Every Friday, several A.V. Club staffers kick off our weekly open thread for the discussion of gaming plans and recent gaming glories, but of course, the real action is down in the comments, where we invite you to answer our eternal question: What Are You Playing This Weekend?
The Sexy Brutale
Now that E3 is winding down and we’ve entered the June-to-August new-release wasteland, I figure it’s the perfect time to go back and play the mountain of rad games I missed over the last few months. I’m starting with The Sexy Brutale, an offbeat adventure game that combines classic inventory-based puzzles with the strict time loops of Zelda: Majora’s Mask. It’s an unwieldy concept, but the game handles it beautifully.
The premise is an odd one. You’re trapped inside a casino/mansion/never-ending masquerade called The Sexy Brutale where, over the course of 12 hours that keep repeating themselves, the staff is killing the guests. Your character wakes up to see this going down and has to undo all 10 murders to unravel the mansion’s mystery and, presumably, escape the time loop. Making matters worse, some kind of occult force is inhabiting the masks of every other character, and if you remain in the same room with them for too long, you’ll be killed and time will rewind. So not unlike the Capcom cult classic Ghost Trick, you’re tasked with stealthily piecing together the story of each killing as it plays out in real time and finding the proper way to intervene.
That Majora’s Mask influence is a strong one, but considering the game’s puzzle-first nature and limited scope, the constant rewinding becomes even more integral and less stress-inducing. Smartly, Sexy Brutale lets you choose where you want to restart the day and jump ahead in four-hour intervals, so you don’t have to be constantly backtracking or sit around waiting for a character to be in a specific place. I’ve had mixed feelings on the puzzles themselves so far (an early one had some odd, untelegraphed logic that rubbed me the wrong way), but the game’s central mystery and the process of actually piecing these murders together has been so engrossing that I’m looking forward to getting back in there.
I have pointedly avoided reading anything about Nier: Automata but somehow osmotically absorbed the information that you need to beat it four or five times to absorb all of its story and world. This is not the “the real Dark Souls starts now” school of new-game-plus git-gud gamerism, but rather the Castlevania: Symphony Of The Night or Super Mario Galaxy 2 ethos of concealing massive portions of the game after its ostensible conclusion, providing a sense of postmodern mystery to its very structure. This is justifiably a huge part of Nier’s burgeoning legend—it’s part of why I hopped to the game as soon as I could—but I am just now approaching the end of my first run-through of the game and want to celebrate its more immediate pleasures: namely, its charmingly polygonal physical structures and its masterfully flighty sense of locomotion. It’s unquestionably the best game that the designers at Platinum have released since 2014’s Bayonetta 2, but it feels, moreover, like a throwback to that game’s predecessor from 2009, as well as its other classic from that year, the sprawling hand-held RPG Infinite Space. It’s almost as if the intervening decade never occurred, which, for Platinum, is a good thing. The designers have talents far out-stripping the mundane licensed work that has kept them afloat these past few years, and hopefully the success of Nier: Automata affords them the leg-room to explore it. Scalebound looked bad, anyway.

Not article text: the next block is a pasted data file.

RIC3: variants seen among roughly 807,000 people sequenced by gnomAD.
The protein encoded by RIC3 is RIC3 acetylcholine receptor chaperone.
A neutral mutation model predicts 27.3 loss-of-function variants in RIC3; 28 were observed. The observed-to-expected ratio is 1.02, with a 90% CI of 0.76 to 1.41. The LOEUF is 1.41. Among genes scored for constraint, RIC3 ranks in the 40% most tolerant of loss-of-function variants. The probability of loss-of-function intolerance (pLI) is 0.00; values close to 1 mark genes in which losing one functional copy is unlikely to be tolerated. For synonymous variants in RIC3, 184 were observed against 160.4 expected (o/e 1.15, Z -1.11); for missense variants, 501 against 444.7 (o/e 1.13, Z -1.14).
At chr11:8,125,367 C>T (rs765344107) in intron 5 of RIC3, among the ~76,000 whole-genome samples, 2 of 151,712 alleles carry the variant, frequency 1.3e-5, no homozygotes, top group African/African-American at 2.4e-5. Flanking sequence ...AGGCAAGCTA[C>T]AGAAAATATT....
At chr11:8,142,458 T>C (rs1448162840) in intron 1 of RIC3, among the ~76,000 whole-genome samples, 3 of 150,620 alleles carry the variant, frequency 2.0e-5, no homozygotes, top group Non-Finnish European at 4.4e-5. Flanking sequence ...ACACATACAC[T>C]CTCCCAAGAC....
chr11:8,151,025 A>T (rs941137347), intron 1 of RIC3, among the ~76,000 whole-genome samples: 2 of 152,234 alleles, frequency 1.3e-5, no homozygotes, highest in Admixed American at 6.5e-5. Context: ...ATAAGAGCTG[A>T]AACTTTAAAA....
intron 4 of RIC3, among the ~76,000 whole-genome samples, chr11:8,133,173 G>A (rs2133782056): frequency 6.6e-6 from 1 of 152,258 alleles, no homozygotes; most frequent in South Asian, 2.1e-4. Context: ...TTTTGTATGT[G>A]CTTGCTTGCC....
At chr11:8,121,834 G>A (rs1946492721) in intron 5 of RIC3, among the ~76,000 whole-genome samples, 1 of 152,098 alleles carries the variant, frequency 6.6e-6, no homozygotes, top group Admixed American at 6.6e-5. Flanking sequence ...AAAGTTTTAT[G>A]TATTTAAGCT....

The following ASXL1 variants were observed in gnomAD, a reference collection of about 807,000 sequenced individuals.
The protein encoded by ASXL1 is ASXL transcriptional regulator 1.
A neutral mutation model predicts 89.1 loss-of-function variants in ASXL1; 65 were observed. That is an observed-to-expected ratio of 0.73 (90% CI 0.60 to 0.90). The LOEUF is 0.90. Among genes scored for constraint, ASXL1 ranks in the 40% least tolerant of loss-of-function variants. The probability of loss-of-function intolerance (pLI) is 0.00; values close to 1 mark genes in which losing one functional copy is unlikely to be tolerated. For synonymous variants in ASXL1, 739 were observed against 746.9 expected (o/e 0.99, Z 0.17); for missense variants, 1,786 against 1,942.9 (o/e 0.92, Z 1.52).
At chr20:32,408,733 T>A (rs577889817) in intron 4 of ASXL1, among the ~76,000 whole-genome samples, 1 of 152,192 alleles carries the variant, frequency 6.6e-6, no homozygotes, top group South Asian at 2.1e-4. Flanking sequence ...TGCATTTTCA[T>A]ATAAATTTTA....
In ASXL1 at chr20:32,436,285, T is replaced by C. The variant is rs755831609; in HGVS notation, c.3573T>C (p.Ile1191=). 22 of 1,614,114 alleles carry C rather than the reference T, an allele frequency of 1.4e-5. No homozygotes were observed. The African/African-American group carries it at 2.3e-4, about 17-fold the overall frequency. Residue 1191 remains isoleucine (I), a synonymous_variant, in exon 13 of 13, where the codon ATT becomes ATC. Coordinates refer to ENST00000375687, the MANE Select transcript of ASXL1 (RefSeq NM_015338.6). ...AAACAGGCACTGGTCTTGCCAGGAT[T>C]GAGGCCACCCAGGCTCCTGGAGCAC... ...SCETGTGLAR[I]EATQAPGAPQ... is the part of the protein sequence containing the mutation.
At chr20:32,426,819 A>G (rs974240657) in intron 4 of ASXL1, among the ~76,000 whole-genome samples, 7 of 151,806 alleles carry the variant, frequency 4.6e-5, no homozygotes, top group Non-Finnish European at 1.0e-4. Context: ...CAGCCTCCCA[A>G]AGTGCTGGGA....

Since this week made it depressingly clear that Nintendo’s apparently never going to make a new 2-D Metroid game—presumably content with just rehashing the past, as with the newly announced Metroid II remake, Samus Returns—fans of the clunkily titled Metroidvania genre have got to take what they can get. Luckily, “what we can get” at the moment includes Team Cherry’s Hollow Knight, which came out on PC back in February and might be the best game the sub-genre’s pumped out in at least a decade.
Plunging players into a lushly animated, deeply charming and insect-filled underworld, Hollow Knight’s best features are cribbed from an unlikely source for a universe so cute: FromSoftware’s Dark Souls. The Souls influence bleeds through in multiple places—the terse, evocative dialogue; the “try again, but carefully” approach to death; the tight health margins on the imaginative, creatively drawn boss fights. But its best stolen idea is the way the game handles healing. Denied potions, health kits, or any of the usual video game medical equipment, your tiny hero’s only way to heal is to use his magic, which only recharges when you attack the enemy. The resulting push to maintain aggression while still keeping yourself safe from your foes’ inventive attacks is the best 2-D recreation of Souls-like combat I’ve encountered to date. Nestling it inside a great dungeon exploration game is just icing on the cake.